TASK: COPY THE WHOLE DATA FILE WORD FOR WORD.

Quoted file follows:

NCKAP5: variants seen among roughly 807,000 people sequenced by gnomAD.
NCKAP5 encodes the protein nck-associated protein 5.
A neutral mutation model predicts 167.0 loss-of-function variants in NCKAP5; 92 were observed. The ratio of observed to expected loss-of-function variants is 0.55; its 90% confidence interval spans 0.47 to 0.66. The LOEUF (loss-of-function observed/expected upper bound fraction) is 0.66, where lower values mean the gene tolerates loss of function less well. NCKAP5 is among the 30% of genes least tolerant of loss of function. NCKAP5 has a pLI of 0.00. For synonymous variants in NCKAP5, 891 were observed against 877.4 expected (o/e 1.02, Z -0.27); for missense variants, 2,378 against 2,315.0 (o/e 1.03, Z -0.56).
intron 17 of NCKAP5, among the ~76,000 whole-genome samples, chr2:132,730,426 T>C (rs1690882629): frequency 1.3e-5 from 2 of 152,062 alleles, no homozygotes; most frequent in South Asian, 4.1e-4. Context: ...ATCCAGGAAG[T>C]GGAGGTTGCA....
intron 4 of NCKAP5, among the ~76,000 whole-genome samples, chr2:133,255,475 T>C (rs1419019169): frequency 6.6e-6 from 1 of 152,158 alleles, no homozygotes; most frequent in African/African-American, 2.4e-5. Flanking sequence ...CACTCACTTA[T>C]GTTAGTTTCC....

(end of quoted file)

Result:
NCKAP5: variants seen among roughly 807,000 people sequenced by gnomAD.
NCKAP5 encodes the protein nck-associated protein 5.
A neutral mutation model predicts 167.0 loss-of-function variants in NCKAP5; 92 were observed. The ratio of observed to expected loss-of-function variants is 0.55; its 90% confidence interval spans 0.47 to 0.66. The LOEUF (loss-of-function observed/expected upper bound fraction) is 0.66, where lower values mean the gene tolerates loss of function less well. NCKAP5 is among the 30% of genes least tolerant of loss of function. NCKAP5 has a pLI of 0.00. For synonymous variants in NCKAP5, 891 were observed against 877.4 expected (o/e 1.02, Z -0.27); for missense variants, 2,378 against 2,315.0 (o/e 1.03, Z -0.56).
intron 17 of NCKAP5, among the ~76,000 whole-genome samples, chr2:132,730,426 T>C (rs1690882629): frequency 1.3e-5 from 2 of 152,062 alleles, no homozygotes; most frequent in South Asian, 4.1e-4. Context: ...ATCCAGGAAG[T>C]GGAGGTTGCA....
intron 4 of NCKAP5, among the ~76,000 whole-genome samples, chr2:133,255,475 T>C (rs1419019169): frequency 6.6e-6 from 1 of 152,158 alleles, no homozygotes; most frequent in African/African-American, 2.4e-5. Flanking sequence ...CACTCACTTA[T>C]GTTAGTTTCC....